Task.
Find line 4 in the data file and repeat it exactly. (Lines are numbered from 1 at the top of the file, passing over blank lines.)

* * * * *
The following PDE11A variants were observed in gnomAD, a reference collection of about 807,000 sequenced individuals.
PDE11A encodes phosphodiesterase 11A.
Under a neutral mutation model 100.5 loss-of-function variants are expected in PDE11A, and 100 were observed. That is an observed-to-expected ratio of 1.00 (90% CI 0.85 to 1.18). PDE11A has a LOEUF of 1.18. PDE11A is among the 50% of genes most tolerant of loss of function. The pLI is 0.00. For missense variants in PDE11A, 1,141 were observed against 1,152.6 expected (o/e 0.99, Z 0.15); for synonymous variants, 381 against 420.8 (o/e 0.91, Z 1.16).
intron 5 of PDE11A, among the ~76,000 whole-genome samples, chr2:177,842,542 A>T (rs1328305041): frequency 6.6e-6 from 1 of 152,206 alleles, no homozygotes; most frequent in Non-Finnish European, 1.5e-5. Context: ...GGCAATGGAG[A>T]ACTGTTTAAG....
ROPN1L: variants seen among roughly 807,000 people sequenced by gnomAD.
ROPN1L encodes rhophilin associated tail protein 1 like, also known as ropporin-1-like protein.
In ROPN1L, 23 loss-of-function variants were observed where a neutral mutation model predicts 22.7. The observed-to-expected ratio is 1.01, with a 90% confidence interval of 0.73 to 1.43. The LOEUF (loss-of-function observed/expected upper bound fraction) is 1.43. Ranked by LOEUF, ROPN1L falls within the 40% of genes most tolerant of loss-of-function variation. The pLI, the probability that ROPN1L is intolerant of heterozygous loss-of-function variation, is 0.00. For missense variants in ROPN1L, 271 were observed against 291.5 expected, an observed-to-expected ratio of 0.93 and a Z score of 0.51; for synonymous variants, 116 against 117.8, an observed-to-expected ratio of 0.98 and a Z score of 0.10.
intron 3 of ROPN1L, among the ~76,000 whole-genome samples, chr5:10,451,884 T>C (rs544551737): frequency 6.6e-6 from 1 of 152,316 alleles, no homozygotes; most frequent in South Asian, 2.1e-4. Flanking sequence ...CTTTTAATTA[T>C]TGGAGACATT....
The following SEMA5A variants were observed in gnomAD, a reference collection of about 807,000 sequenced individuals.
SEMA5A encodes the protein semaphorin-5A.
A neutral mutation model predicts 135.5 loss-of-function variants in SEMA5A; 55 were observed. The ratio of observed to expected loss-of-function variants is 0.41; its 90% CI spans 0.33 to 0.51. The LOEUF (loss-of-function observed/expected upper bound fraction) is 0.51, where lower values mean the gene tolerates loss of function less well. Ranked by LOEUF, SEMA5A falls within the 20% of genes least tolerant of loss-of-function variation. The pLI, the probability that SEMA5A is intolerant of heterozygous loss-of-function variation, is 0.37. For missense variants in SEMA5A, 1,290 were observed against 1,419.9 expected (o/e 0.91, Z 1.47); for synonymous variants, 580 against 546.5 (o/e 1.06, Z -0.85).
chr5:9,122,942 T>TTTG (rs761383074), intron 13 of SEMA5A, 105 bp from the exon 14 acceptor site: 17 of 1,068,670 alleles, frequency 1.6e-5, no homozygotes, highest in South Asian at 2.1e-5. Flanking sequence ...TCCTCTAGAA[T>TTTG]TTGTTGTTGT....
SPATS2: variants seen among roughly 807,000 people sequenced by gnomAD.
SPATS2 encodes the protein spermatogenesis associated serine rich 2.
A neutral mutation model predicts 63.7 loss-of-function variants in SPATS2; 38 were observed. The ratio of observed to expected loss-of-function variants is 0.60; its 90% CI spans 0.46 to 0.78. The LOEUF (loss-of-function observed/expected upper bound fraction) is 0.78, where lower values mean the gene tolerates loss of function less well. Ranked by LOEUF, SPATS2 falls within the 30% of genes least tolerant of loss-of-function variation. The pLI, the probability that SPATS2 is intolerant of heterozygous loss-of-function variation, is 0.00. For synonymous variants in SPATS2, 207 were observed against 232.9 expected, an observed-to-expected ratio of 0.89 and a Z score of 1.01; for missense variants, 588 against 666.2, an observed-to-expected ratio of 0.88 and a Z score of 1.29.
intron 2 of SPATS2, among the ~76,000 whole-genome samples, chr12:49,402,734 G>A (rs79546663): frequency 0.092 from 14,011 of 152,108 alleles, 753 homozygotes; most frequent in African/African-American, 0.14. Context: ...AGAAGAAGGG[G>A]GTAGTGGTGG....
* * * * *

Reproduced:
intron 5 of PDE11A, among the ~76,000 whole-genome samples, chr2:177,842,542 A>T (rs1328305041): frequency 6.6e-6 from 1 of 152,206 alleles, no homozygotes; most frequent in Non-Finnish European, 1.5e-5. Context: ...GGCAATGGAG[A>T]ACTGTTTAAG....